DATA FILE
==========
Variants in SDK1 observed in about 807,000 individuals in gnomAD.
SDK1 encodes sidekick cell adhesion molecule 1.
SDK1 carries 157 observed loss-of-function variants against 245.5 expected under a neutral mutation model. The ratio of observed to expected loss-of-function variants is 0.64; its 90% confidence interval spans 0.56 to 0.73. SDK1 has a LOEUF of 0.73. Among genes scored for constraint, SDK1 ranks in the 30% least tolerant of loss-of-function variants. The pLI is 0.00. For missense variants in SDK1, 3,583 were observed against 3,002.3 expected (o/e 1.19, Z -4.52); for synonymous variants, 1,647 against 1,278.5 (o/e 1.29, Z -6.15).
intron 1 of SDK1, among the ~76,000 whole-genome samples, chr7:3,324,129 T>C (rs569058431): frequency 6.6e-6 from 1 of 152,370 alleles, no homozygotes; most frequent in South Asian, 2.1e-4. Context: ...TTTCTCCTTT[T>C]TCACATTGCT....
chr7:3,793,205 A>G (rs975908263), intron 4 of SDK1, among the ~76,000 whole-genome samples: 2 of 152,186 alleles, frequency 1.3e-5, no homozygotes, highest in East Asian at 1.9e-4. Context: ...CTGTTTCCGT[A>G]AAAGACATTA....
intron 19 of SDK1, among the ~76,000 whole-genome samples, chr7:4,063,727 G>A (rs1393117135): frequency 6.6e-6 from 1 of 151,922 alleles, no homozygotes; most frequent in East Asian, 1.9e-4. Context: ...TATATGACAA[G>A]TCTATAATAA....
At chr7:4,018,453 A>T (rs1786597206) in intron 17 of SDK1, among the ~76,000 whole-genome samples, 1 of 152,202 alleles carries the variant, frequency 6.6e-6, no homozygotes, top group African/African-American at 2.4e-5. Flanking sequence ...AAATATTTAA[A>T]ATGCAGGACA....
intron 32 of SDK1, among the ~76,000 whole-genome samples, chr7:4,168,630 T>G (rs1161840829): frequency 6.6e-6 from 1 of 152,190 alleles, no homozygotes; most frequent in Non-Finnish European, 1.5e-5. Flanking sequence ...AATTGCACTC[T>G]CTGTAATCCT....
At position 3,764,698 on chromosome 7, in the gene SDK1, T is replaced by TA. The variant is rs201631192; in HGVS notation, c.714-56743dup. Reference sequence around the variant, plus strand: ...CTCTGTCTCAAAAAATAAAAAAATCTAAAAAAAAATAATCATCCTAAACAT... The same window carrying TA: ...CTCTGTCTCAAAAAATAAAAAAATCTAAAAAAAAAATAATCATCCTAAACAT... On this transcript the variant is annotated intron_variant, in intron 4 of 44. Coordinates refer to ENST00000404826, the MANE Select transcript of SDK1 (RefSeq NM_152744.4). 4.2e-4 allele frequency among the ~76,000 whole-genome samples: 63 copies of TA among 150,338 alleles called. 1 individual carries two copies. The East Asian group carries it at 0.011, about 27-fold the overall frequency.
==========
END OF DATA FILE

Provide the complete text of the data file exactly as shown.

Variants in SDK1 observed in about 807,000 individuals in gnomAD.
SDK1 encodes sidekick cell adhesion molecule 1.
SDK1 carries 157 observed loss-of-function variants against 245.5 expected under a neutral mutation model. The ratio of observed to expected loss-of-function variants is 0.64; its 90% confidence interval spans 0.56 to 0.73. SDK1 has a LOEUF of 0.73. Among genes scored for constraint, SDK1 ranks in the 30% least tolerant of loss-of-function variants. The pLI is 0.00. For missense variants in SDK1, 3,583 were observed against 3,002.3 expected (o/e 1.19, Z -4.52); for synonymous variants, 1,647 against 1,278.5 (o/e 1.29, Z -6.15).
intron 1 of SDK1, among the ~76,000 whole-genome samples, chr7:3,324,129 T>C (rs569058431): frequency 6.6e-6 from 1 of 152,370 alleles, no homozygotes; most frequent in South Asian, 2.1e-4. Context: ...TTTCTCCTTT[T>C]TCACATTGCT....
chr7:3,793,205 A>G (rs975908263), intron 4 of SDK1, among the ~76,000 whole-genome samples: 2 of 152,186 alleles, frequency 1.3e-5, no homozygotes, highest in East Asian at 1.9e-4. Context: ...CTGTTTCCGT[A>G]AAAGACATTA....
intron 19 of SDK1, among the ~76,000 whole-genome samples, chr7:4,063,727 G>A (rs1393117135): frequency 6.6e-6 from 1 of 151,922 alleles, no homozygotes; most frequent in East Asian, 1.9e-4. Context: ...TATATGACAA[G>A]TCTATAATAA....
At chr7:4,018,453 A>T (rs1786597206) in intron 17 of SDK1, among the ~76,000 whole-genome samples, 1 of 152,202 alleles carries the variant, frequency 6.6e-6, no homozygotes, top group African/African-American at 2.4e-5. Flanking sequence ...AAATATTTAA[A>T]ATGCAGGACA....
intron 32 of SDK1, among the ~76,000 whole-genome samples, chr7:4,168,630 T>G (rs1161840829): frequency 6.6e-6 from 1 of 152,190 alleles, no homozygotes; most frequent in Non-Finnish European, 1.5e-5. Flanking sequence ...AATTGCACTC[T>G]CTGTAATCCT....
At position 3,764,698 on chromosome 7, in the gene SDK1, T is replaced by TA. The variant is rs201631192; in HGVS notation, c.714-56743dup. Reference sequence around the variant, plus strand: ...CTCTGTCTCAAAAAATAAAAAAATCTAAAAAAAAATAATCATCCTAAACAT... The same window carrying TA: ...CTCTGTCTCAAAAAATAAAAAAATCTAAAAAAAAAATAATCATCCTAAACAT... On this transcript the variant is annotated intron_variant, in intron 4 of 44. Coordinates refer to ENST00000404826, the MANE Select transcript of SDK1 (RefSeq NM_152744.4). 4.2e-4 allele frequency among the ~76,000 whole-genome samples: 63 copies of TA among 150,338 alleles called. 1 individual carries two copies. The East Asian group carries it at 0.011, about 27-fold the overall frequency.